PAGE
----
She does not exclude the possibility that her father might have confused what really happened with what he learned afterwards. She hardly mentions anything about her father’s personality and opinions, but stresses the similarities between her father and Gerstein. Von Otter was 35 and Gerstein 37 years old when they met, each had two children, and they were both 184 cm tall. Birgitta von Otter dwells more on Gerstein and his upbringing and personality and describes him as a person who took his Christian faith seriously. She quotes letters between Gerstein and his father that indicate the existence of a moral dilemma.
Göran von Otter, on the other hand, remains a rather unknown figure to people outside his family. He lived and passed away before the Internet era, and if he ever wrote anything, besides formal reports and documents in his diplomatic service, it cannot be found on the web.37 If he did write about his work, his family does not know of any papers or letters left behind which could help us to understand him and his meeting with Gerstein.38 According to Birgitta von Otter, her father never wrote a report about his meeting with Gerstein. He was instructed by Richert, the head of legation, to report orally at his next meeting at the ministry in Stockholm. Why?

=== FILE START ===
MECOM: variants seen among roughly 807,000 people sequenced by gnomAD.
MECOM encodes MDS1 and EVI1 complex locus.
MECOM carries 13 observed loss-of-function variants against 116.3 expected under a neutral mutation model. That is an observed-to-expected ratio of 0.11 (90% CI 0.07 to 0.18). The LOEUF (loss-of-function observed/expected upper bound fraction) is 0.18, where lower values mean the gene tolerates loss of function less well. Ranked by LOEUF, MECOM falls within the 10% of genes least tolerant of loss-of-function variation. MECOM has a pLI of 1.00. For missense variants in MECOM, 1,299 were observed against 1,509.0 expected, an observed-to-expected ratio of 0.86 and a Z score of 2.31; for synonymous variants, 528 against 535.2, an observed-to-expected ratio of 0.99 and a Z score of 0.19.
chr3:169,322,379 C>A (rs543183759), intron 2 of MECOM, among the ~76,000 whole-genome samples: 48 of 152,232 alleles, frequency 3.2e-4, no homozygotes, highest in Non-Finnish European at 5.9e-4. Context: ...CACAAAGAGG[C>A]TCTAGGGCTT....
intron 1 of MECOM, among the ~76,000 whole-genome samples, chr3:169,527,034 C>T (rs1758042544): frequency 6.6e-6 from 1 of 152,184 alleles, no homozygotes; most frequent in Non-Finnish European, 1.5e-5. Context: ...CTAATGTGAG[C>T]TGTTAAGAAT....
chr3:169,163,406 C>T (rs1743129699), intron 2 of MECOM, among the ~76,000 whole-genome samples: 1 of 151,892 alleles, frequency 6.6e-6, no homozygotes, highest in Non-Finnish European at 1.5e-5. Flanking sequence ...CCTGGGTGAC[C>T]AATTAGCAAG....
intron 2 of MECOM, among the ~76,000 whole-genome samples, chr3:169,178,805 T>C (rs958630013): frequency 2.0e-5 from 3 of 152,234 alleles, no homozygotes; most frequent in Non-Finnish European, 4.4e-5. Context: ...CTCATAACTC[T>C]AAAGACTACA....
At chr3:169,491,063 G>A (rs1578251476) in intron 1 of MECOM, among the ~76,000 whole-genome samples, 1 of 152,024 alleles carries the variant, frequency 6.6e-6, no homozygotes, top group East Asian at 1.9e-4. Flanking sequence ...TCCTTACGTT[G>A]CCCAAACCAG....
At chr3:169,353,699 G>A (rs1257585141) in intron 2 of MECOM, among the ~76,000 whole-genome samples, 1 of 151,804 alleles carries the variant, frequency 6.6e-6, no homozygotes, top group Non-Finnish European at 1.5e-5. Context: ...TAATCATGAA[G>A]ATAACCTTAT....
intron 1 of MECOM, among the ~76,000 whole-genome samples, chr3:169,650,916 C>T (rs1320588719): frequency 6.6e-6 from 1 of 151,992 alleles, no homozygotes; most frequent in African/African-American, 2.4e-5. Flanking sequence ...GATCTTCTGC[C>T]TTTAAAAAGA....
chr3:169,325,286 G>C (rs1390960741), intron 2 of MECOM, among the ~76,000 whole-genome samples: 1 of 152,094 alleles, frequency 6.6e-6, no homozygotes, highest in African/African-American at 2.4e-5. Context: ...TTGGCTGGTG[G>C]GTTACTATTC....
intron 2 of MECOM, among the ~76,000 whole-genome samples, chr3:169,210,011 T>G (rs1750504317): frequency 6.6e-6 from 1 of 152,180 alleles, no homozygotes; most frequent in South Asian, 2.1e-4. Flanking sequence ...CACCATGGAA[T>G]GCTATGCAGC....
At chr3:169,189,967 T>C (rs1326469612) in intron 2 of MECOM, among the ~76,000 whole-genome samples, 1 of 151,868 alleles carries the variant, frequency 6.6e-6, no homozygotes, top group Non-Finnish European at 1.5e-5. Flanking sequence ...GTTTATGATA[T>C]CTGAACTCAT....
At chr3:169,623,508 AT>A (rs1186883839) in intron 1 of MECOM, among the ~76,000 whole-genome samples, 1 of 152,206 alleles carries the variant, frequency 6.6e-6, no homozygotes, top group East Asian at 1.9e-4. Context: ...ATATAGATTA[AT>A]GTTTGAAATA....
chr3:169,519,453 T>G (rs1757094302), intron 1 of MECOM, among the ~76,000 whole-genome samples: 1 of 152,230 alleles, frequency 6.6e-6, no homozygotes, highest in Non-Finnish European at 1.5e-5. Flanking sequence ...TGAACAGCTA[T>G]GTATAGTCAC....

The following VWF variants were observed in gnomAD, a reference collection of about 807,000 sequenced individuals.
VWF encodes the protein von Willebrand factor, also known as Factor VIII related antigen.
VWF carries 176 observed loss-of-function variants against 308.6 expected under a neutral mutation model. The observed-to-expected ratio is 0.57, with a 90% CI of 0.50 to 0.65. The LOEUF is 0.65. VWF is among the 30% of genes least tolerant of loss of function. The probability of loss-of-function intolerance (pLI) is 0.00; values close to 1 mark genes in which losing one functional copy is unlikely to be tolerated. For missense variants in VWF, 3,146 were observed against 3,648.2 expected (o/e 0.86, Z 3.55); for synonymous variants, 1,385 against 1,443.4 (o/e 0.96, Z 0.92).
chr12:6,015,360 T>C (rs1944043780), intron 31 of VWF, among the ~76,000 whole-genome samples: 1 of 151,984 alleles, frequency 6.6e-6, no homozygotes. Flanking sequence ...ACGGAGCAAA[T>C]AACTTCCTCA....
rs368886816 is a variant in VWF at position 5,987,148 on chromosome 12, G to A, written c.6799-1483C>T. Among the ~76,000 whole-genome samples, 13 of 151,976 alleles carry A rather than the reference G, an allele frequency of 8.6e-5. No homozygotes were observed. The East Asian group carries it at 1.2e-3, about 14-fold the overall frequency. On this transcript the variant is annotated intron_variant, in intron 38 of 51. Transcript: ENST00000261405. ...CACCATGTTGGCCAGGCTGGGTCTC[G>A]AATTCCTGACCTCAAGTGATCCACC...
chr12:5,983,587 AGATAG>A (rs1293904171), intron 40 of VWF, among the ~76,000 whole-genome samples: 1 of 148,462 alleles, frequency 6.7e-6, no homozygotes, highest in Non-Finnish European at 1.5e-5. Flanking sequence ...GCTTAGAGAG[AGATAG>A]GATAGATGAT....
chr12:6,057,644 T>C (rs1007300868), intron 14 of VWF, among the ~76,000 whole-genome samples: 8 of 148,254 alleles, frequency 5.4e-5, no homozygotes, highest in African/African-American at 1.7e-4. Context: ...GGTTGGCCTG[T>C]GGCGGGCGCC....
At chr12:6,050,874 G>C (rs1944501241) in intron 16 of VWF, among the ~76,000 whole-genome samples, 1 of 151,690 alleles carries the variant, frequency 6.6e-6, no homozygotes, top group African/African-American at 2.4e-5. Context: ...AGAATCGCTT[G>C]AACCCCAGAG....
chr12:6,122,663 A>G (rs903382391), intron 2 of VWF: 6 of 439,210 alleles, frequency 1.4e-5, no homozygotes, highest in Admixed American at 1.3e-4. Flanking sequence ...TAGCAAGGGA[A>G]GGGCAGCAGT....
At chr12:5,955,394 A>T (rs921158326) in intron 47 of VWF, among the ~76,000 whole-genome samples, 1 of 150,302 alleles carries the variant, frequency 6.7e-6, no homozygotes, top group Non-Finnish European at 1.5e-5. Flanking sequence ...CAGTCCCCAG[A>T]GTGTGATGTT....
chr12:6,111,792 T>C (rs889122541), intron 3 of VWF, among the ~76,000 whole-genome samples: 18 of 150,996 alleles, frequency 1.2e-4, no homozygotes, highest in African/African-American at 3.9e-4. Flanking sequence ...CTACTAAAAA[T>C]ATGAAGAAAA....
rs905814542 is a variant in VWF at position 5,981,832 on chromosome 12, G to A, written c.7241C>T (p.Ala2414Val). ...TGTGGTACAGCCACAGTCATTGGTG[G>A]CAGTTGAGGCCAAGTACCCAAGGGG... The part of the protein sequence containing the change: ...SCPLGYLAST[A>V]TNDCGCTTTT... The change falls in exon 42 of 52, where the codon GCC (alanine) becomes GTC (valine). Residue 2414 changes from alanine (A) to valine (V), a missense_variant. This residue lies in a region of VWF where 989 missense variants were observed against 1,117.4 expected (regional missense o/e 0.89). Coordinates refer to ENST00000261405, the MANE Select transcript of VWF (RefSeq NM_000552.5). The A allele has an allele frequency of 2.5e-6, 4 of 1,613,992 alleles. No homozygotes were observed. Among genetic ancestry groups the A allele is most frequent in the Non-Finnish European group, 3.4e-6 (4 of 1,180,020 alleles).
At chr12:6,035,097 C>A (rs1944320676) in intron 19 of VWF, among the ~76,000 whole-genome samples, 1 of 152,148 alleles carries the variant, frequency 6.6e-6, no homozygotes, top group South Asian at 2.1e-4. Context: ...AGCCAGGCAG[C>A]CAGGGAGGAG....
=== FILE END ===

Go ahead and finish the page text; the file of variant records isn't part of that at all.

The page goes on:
Two possible explanations are given by Birgitta von Otter. First, the Swedish legation is said to have already known about the persecution of Jews, thanks to information that its military attaché had received from oppositional German officers. Furthermore, the Swedish consul in Stettin, Yngve Vendel, had, just a few days before von Otter returned to the legation after his train journey, reported “about the same things, although not in such detail”.39 Vendel’s report was sent to the ministry with a cover letter signed by Eric von Post on August 22, 1942. Whether this is convincing or a justifiable reason will be discussed in the next section.